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Hoffmann, R. A wiki for the life sciences where authorship matters. Nature Genetics (2008)

Lysophospholipid mediators of immunity and neoplasia.

Lysophosphatidic acid (LPA), sphingosine 1-phosphate (S1P) and some other structurally related lysophospholipids are active growth factors and stimuli for diverse cellular functions. LPA and S1P promote early T cell migration to tissue sites of immune responses and regulate T cell proliferation and secretion of numerous cytokines. Edg-4 (LPA2) LPA receptors, which are constitutively expressed by helper T cells, and Edg-2 (LPA1) LPA receptors, which are expressed only by activated helper T cells, transduce opposite effects of LPA on some T cell responses. A similar mechanism is observed for fine regulation of Edg R-mediated effects of LPA on ovarian cancer cells. Edg-4 (LPA2) R transduces proliferative responses, recruitment of autocrine protein growth factors, and migration of ovarian cancer cells, whereas Edg-2 (LPA1) R transduces inhibition of Edg-4 (LPA2) R-mediated responses and concurrently elicits apoptosis and anoikis of ovarian cancer cells. Edg-4 (LPA2) R is a distinctive functional marker for ovarian carcinoma, and is expressed both as the wild-type and a carboxyl-terminally extended gain-of-function mutant. Newly discovered non-lipid agonists and antagonists for individual Edg receptors will permit more sophisticated analyses of their respective contributions in human biology and pathophysiology, and may represent novel therapeutic modalities in immune disorders and cancer.[1]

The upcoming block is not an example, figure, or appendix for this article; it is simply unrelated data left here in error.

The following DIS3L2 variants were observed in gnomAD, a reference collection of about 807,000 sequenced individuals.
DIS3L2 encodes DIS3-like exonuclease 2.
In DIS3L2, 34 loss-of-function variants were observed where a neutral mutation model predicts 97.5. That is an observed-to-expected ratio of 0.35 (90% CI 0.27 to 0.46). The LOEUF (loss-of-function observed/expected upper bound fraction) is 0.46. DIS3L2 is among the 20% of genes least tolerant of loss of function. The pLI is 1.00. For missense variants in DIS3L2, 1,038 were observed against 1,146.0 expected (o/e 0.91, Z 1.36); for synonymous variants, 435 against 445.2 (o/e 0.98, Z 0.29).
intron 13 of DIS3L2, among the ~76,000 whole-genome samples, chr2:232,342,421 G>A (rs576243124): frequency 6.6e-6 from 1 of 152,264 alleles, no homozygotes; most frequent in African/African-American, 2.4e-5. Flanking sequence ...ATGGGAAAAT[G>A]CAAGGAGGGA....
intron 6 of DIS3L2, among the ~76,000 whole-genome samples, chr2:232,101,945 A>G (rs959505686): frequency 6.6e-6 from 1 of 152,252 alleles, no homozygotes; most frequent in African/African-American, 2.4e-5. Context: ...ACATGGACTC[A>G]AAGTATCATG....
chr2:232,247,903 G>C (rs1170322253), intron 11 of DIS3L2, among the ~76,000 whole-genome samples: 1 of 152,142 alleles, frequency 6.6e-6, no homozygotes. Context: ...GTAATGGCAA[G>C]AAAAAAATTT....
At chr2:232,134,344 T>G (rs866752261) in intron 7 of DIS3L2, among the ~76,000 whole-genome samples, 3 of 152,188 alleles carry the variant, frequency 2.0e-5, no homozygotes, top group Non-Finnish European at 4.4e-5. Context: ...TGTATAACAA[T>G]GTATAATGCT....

1. Lysophospholipid mediators of immunity and neoplasia. Huang, M.C., Graeler, M., Shankar, G., Spencer, J., Goetzl, E.J. Biochim. Biophys. Acta (2002) [Pubmed]
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